Solar installations in India reached 4 GW in 2016, and are
expected to surpass 9 GW in 2017, an incredible pace of growth considering
India installed just 883 MW in 2014. With exponential growth in the sector, the
government wants to ramp up domestic manufacturing to decrease the volume of
solar module imports which, along with installations, has also increased dramatically.
The challenge, like in most markets, has been cost competition from Chinese
manufacturers. India also lost the World Trade Organization (WTO)
ruling last year which decided that its Domestic Content Requirements (DCR)
discriminated against U.S. manufacturers. With this backdrop, policy makers are
looking at various options to support domestic manufacturers without violating
The Indian solar manufacturing sector was active long before any policy or significant market demand existed in
India. The sector mainly focused on original equipment manufacturing and
exporting to European countries. India had exported almost a billion dollars in
modules before the National Solar Mission was established. Exports
boomed in 2008 with massive growth in global demand, but the slump in 2009 (due
to the global recession) slowed the sector. As manufacturing took off in China,
prices dropped to record low levels. From the beginning of 2011 through the end
of 2012 module prices fell from $1.80/W to $0.65/W, a 65 percent drop. State
funded and subsidized Chinese manufacturers captured most of the global market
at the cost of manufacturers elsewhere, including
Installed capacity of domestic solar cells and modules in
the country is estimated to be 2,815 MW and 8,008 MW respectively, while
operational capacity of solar cells and modules is 1,448 MW and 5,246 MW
respectively as of December 2016, according to Mercom’s Manufacturing Tracker.
manufacturers paint a different picture. Most of them are of the opinion that
true working module manufacturing capacity was approximately 3 GW as of the end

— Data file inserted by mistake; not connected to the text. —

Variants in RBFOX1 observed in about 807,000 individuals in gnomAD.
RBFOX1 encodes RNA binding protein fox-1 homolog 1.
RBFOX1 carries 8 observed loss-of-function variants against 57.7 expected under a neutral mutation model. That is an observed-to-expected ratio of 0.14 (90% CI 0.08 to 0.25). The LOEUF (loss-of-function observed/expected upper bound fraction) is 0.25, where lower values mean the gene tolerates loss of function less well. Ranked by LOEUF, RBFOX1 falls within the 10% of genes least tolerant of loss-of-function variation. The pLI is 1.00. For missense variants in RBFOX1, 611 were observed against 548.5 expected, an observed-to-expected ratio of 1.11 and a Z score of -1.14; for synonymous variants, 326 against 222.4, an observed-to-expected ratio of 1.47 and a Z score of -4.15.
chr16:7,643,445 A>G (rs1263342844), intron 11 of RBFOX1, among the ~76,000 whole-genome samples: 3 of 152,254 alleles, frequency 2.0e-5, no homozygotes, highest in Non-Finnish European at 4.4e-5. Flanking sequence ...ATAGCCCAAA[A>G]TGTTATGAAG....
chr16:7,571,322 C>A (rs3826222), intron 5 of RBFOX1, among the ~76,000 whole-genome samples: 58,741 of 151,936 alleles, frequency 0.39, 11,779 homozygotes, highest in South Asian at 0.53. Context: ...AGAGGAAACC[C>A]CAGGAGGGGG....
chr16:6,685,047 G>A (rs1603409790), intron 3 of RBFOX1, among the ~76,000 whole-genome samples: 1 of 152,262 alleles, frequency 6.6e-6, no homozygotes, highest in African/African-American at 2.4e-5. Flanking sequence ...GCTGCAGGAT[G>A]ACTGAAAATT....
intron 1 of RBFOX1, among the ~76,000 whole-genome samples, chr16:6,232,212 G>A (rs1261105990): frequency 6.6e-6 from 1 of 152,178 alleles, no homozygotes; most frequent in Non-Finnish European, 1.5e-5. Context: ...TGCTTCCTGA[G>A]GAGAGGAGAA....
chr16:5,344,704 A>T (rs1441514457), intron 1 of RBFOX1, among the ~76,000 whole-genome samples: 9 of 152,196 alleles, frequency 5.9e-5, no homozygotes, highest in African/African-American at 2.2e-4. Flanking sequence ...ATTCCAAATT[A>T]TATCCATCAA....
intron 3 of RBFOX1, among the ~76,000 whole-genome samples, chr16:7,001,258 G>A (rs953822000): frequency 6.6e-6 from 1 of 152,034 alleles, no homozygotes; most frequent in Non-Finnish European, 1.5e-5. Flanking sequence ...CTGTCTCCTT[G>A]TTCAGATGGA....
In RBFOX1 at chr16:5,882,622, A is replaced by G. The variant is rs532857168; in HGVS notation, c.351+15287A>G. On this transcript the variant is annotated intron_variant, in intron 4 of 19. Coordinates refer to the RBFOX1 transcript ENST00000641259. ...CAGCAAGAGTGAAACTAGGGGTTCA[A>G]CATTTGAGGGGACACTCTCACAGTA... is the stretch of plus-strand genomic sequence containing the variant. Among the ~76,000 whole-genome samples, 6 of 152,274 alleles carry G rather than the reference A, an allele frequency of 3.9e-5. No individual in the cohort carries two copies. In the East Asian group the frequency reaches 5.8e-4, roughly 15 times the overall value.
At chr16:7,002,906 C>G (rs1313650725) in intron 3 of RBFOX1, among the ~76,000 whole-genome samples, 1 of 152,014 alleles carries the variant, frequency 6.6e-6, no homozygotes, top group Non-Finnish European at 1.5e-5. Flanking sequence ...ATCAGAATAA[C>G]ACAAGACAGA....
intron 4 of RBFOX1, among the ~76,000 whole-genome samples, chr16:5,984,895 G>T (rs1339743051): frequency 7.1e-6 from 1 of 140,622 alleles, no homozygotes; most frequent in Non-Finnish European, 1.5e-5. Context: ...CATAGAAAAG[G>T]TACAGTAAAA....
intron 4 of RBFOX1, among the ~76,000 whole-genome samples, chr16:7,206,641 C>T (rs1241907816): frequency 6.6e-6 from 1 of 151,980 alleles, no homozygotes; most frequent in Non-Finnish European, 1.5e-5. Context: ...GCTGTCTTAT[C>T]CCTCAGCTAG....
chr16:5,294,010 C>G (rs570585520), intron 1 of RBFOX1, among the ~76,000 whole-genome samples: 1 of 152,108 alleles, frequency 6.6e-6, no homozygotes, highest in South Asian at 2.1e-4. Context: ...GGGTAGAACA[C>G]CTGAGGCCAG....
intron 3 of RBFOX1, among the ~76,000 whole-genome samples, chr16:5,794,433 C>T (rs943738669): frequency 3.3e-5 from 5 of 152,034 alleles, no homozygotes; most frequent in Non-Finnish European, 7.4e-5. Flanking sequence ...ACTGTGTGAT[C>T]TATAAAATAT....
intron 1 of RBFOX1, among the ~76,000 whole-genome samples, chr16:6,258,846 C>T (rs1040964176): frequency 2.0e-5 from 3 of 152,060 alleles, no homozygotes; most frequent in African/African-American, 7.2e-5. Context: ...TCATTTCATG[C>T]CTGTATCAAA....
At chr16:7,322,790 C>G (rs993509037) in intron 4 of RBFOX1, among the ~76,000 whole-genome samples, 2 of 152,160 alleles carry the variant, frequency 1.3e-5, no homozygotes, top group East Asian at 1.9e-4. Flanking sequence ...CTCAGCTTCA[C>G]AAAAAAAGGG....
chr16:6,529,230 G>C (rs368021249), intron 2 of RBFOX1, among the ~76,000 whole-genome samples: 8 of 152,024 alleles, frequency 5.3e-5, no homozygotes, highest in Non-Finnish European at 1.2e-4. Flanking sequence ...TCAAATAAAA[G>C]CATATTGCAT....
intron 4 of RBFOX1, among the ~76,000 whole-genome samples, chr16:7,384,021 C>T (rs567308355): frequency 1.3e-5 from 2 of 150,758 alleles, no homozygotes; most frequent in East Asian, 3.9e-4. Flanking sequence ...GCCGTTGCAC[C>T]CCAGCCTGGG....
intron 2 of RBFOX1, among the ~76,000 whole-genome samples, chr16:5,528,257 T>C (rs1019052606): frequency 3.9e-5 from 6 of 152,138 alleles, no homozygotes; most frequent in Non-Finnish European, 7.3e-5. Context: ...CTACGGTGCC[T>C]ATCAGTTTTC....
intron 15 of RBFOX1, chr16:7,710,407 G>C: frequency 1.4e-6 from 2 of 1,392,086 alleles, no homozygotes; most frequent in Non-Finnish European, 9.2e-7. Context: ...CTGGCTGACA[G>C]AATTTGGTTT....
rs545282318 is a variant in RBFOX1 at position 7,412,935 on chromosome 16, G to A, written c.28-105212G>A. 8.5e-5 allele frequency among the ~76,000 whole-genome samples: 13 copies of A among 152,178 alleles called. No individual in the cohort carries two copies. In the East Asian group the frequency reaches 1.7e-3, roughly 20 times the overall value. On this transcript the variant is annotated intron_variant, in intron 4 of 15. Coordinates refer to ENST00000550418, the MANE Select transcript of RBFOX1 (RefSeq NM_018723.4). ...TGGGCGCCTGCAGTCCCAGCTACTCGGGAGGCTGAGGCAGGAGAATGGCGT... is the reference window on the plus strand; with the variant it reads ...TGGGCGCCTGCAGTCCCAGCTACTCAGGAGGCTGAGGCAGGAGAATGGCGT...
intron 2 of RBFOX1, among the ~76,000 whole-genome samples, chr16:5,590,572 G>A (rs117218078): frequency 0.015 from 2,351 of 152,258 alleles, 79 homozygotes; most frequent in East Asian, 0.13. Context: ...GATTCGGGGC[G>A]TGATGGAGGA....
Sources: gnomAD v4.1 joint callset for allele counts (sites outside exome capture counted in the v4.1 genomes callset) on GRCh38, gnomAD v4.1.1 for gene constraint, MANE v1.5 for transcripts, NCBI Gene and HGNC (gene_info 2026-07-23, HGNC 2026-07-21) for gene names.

of 2016. This huge disparity in figures is due to old and obsolete
manufacturing lines that are still being counted by manufacturers as “operating capacity”.
As of December 2016, an estimated 9.6 GW of solar has
been installed in India. In the seven
months from April to October in financial year (FY) 2016-17, export and
import activity totaling $1.22 billion (~Rs.83.22 billion) was registered in
the sector. Out of this, India imported solar materials worth more than a
billion dollars. This is not just because India lacks manufacturing capacity,
but it’s mostly because Indian modules are much more
expensive compared to Chinese modules.
Competing with low-cost imports, low profit margins and lack
of scale are all hurting India’s solar
“The major problems plaguing
the sector are a lack of scale, insufficient government support and an
underdeveloped supply chain,” stated
an official at Waaree Energies.
Access to financing is also a challenge. Manufacturers are
citing lack of funding available to build manufacturing units. “Even if private banks are willing to
lend, it is at exorbitant rates ranging from 16 to 17 percent,” stated Mr. Thakur of Shukra Solar, a
Financing challenges struck a chord with another solar
manufacturer: “You won’t find banks financing manufacturing
units because it is considered risky.” Any
financing that has happened so far is because of foreign direct investment,
voiced another manufacturer.
Most manufacturers agree that the DCR ruling by the WTO has
hurt the indigenous manufacturing sector. “The
government can still make DCR a pre-requisite for government tenders for projects
installed on government land or buildings,” stated
Manufacturers would also like to see more investment in